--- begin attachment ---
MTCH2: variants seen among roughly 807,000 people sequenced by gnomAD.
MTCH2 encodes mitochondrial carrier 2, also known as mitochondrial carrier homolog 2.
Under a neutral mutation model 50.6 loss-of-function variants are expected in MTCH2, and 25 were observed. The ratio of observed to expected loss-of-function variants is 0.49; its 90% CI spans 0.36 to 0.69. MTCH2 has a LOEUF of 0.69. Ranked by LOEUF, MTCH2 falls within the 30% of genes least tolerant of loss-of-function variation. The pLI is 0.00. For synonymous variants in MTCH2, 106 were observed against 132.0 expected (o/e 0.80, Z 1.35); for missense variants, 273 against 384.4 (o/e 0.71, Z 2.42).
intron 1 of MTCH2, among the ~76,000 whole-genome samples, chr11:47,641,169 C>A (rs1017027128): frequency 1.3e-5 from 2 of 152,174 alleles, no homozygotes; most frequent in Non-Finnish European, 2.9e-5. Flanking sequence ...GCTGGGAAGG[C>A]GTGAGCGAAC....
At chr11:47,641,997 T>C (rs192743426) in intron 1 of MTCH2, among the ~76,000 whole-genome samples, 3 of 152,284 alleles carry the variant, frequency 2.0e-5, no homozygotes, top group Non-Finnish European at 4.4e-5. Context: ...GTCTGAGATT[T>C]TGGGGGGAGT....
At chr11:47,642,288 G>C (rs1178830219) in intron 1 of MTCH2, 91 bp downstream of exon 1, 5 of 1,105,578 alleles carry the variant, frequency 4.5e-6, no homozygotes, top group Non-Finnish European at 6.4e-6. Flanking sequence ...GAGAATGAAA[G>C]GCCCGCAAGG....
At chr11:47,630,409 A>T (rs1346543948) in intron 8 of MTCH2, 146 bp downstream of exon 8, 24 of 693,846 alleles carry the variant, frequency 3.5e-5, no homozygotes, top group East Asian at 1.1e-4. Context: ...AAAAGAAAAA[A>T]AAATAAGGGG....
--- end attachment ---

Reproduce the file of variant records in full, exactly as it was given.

MTCH2: variants seen among roughly 807,000 people sequenced by gnomAD.
MTCH2 encodes mitochondrial carrier 2, also known as mitochondrial carrier homolog 2.
Under a neutral mutation model 50.6 loss-of-function variants are expected in MTCH2, and 25 were observed. The ratio of observed to expected loss-of-function variants is 0.49; its 90% CI spans 0.36 to 0.69. MTCH2 has a LOEUF of 0.69. Ranked by LOEUF, MTCH2 falls within the 30% of genes least tolerant of loss-of-function variation. The pLI is 0.00. For synonymous variants in MTCH2, 106 were observed against 132.0 expected (o/e 0.80, Z 1.35); for missense variants, 273 against 384.4 (o/e 0.71, Z 2.42).
intron 1 of MTCH2, among the ~76,000 whole-genome samples, chr11:47,641,169 C>A (rs1017027128): frequency 1.3e-5 from 2 of 152,174 alleles, no homozygotes; most frequent in Non-Finnish European, 2.9e-5. Flanking sequence ...GCTGGGAAGG[C>A]GTGAGCGAAC....
At chr11:47,641,997 T>C (rs192743426) in intron 1 of MTCH2, among the ~76,000 whole-genome samples, 3 of 152,284 alleles carry the variant, frequency 2.0e-5, no homozygotes, top group Non-Finnish European at 4.4e-5. Context: ...GTCTGAGATT[T>C]TGGGGGGAGT....
At chr11:47,642,288 G>C (rs1178830219) in intron 1 of MTCH2, 91 bp downstream of exon 1, 5 of 1,105,578 alleles carry the variant, frequency 4.5e-6, no homozygotes, top group Non-Finnish European at 6.4e-6. Flanking sequence ...GAGAATGAAA[G>C]GCCCGCAAGG....
At chr11:47,630,409 A>T (rs1346543948) in intron 8 of MTCH2, 146 bp downstream of exon 8, 24 of 693,846 alleles carry the variant, frequency 3.5e-5, no homozygotes, top group East Asian at 1.1e-4. Context: ...AAAAGAAAAA[A>T]AAATAAGGGG....